More than a bit unnerving: The ownership of our genes is being decided by nine justices who, although brilliant legal minds, are not exactly biotechnologists.
They wrestled with nucleotides and covalent bonds. They spoke of mRNA, cDNA, introns and exons. They dabbled in tagging and base pairs.
"If you could get a super-microscope and look at what they have with the cDNA," Justice Stephen Breyer postulated, "you would discover something with an A there, you see, and you wouldn't discover something with a U there. And there is no such thing in nature as the no-introns AGG, whatever."
The justices broke down the building blocks of life into terms they could understand better, such as bodily organs, Amazonian plants, baseball bats and chocolate chip cookies.
The last analogy was provided by Sonia Sotomayor. Like a kid trying to impress her science teacher, she piped up 38 times for questions during the hour, far ahead of the second-place Breyer (26) and just two shy of the combined output of Antonin Scalia, Samuel Alito, Anthony Kennedy, Ruth Bader Ginsburg and the silent Clarence Thomas.
Sotomayor's fellow justices appeared exasperated with their know-it-all colleague; Chief Justice John Roberts extended one lawyer's time after Sotomayor badgered him with questions, and Alito tried to redirect the proceedings after she treated the court to an extended baking analogy.
"I can bake a chocolate chip cookie using natural ingredients: salt, flour, eggs, butter," she said. "And if I (combine) those in some new way, I can get a patent on that. But I can't imagine getting a patent simply on the basic items."
As Myriad's attorney, Gregory Castanias, tried to answer, Sotomayor kept breaking in with kitchen talk: "So I put salt and flour, and that's different? ... Now you can get a patent on the flour?"
Castanias told her the question showed "the problem with using the really simplistic analogies, with all due respect."
There was laughter in the courtroom.
Based on the justices' questioning, there was little doubt that corporations such as Myriad have a legitimate claim to the DNA in our bodies. The argument was mostly about whether corporations own the material itself or merely have the exclusive rights to use our genes for research and commerce.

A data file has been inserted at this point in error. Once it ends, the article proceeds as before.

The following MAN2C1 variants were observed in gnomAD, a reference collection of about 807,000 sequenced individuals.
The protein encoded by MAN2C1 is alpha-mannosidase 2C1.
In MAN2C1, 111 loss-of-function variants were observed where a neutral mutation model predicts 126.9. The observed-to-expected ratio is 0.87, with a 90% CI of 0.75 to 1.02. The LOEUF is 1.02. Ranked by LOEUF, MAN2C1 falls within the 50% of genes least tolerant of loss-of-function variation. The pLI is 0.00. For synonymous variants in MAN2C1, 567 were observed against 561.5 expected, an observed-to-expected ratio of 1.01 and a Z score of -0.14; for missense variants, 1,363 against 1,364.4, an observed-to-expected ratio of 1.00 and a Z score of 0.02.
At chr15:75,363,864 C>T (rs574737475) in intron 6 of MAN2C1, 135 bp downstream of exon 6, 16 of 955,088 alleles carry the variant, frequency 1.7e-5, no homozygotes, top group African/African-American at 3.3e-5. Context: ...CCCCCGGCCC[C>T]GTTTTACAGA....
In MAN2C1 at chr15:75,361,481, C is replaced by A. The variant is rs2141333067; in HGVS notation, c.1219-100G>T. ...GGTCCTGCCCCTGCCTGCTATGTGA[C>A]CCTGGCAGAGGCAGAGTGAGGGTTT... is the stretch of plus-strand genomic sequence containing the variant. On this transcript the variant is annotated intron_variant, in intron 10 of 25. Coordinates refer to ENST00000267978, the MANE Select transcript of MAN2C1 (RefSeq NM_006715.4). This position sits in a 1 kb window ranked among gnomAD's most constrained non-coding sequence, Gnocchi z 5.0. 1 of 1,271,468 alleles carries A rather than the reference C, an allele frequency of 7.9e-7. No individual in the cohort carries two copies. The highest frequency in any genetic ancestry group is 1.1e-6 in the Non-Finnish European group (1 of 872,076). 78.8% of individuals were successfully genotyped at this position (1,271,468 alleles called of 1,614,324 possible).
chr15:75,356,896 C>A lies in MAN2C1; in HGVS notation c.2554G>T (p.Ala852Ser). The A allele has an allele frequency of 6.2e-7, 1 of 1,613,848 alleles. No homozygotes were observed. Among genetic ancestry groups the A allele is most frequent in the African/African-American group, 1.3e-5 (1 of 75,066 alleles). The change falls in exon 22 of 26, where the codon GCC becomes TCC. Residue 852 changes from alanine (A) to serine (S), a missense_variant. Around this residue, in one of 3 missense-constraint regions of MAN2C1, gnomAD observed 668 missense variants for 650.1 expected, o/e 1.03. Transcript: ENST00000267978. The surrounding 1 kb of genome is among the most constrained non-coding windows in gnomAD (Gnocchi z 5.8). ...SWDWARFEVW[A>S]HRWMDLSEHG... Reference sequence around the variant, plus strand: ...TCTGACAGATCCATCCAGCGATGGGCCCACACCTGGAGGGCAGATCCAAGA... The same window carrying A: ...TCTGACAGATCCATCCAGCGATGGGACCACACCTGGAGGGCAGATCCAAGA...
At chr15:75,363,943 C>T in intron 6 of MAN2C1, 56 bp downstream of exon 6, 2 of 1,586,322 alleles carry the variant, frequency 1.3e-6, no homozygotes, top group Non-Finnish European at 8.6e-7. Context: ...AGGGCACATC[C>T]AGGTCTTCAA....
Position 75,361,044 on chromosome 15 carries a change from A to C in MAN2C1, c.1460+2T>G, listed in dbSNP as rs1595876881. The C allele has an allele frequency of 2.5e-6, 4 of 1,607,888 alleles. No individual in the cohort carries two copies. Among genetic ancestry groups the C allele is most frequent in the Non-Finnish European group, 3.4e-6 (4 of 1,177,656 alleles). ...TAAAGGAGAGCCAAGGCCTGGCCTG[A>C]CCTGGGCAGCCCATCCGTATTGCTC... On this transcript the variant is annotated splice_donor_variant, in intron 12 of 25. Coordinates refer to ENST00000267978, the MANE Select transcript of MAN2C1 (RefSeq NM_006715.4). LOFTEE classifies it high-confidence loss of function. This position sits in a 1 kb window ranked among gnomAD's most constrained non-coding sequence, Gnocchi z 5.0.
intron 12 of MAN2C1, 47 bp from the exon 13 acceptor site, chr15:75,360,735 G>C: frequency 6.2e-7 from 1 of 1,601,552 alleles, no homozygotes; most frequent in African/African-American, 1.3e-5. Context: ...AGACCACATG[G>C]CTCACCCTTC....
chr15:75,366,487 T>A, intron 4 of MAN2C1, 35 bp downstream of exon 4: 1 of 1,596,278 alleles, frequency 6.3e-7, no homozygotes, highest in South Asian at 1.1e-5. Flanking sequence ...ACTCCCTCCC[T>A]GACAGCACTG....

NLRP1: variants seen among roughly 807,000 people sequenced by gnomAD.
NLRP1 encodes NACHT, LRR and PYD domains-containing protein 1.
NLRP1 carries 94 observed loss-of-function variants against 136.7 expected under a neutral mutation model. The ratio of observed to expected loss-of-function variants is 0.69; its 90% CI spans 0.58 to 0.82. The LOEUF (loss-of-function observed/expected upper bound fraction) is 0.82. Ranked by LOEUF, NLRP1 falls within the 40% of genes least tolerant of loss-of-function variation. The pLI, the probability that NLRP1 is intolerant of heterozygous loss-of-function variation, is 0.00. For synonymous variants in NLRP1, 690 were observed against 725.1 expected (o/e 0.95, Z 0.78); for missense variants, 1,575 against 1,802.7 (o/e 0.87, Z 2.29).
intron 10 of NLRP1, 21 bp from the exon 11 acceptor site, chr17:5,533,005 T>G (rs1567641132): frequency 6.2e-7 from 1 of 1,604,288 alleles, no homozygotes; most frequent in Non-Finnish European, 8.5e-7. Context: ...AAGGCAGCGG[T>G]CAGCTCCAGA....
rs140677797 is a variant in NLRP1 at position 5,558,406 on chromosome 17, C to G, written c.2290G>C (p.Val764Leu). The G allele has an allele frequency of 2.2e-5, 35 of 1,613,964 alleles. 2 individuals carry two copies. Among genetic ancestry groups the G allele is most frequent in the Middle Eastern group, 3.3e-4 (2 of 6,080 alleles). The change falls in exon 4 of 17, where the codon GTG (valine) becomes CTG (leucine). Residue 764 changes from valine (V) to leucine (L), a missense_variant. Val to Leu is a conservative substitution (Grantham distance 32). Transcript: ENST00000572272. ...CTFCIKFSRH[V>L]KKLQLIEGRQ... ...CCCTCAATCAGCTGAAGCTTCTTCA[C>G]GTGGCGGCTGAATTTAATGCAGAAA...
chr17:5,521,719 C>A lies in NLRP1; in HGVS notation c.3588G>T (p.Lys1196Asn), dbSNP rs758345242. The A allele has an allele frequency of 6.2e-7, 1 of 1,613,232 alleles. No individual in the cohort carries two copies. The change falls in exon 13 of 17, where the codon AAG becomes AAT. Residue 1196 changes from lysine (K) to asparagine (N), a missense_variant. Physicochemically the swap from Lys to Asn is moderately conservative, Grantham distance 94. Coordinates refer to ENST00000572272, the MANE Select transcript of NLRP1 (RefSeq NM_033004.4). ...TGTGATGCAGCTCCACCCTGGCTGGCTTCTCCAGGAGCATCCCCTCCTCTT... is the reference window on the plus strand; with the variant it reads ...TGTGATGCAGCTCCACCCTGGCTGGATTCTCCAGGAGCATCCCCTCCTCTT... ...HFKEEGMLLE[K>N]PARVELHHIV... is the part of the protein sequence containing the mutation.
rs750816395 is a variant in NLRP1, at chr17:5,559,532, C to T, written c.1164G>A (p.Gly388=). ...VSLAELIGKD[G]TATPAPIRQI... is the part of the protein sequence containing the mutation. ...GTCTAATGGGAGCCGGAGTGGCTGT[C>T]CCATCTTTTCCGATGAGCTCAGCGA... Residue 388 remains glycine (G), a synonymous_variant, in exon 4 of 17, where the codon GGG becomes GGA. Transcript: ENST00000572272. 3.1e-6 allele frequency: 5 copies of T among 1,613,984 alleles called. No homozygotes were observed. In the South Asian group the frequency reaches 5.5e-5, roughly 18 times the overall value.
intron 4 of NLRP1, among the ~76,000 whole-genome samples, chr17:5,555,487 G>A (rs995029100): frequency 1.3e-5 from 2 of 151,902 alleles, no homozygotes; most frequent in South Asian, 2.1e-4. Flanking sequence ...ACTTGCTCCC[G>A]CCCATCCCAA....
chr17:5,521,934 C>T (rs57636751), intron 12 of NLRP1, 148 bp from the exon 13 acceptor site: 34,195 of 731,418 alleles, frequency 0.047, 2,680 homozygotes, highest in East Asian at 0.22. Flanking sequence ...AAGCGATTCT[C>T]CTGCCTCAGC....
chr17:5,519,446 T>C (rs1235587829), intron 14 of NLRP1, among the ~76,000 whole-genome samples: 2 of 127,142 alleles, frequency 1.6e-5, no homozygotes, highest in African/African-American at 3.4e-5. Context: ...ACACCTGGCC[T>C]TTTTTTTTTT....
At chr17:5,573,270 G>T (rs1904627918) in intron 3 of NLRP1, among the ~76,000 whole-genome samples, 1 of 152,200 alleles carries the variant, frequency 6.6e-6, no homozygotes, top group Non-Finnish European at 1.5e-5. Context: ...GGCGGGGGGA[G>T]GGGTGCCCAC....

Castanias likened the gene sequence the company clipped from the human genome to a baseball bat, because it "doesn't exist until it's isolated from a tree."
Roberts balked at this analogy. "You don't look at a tree and say, 'Well, I've cut the branch here and cut it here and all of a sudden I've got a baseball bat,'" he said.
Alito, too, asked about the bat, "which at least I can understand better than perhaps some of this biochemistry." Alito likened the gene discovery to serendipity, like a tree branch that has "fallen into the ocean and it's been manipulated by the waves, and then something's been washed up on the shore, and what do you know? it's a baseball bat."
Elena Kagan preferred to liken the company's gene discovery to "the first person who found a liver."
And Breyer wondered if patent protection could apply to "anything from inside the body that you snip out and isolate."
Castanias assured the justices that the gene discovery was not at all comparable to patenting a slice of "liver, kidney, you know, gallbladder pick your organ."
Alito chose a vegetable instead. "Suppose," he said, that medicinal benefits were found in "the leaves of a plant that grows in the Amazon." Further, Alito proposed, "it's not just the case of taking the leaf off the tree and chewing it. ... It's extracted and reduced to a concentrated form."
Thus began a harvest of horticultural hypotheticals:
"If we simply pick the leaf off the tree and swallow it ..."
"It's uprooted and taken out of the forest ..."
"Captain Ferno goes to the Amazon and discovers 50 new types of plants ..."
The justices were deep in the weeds without a genetic map.
Follow Dana Milbank on Twitter, @Milbank.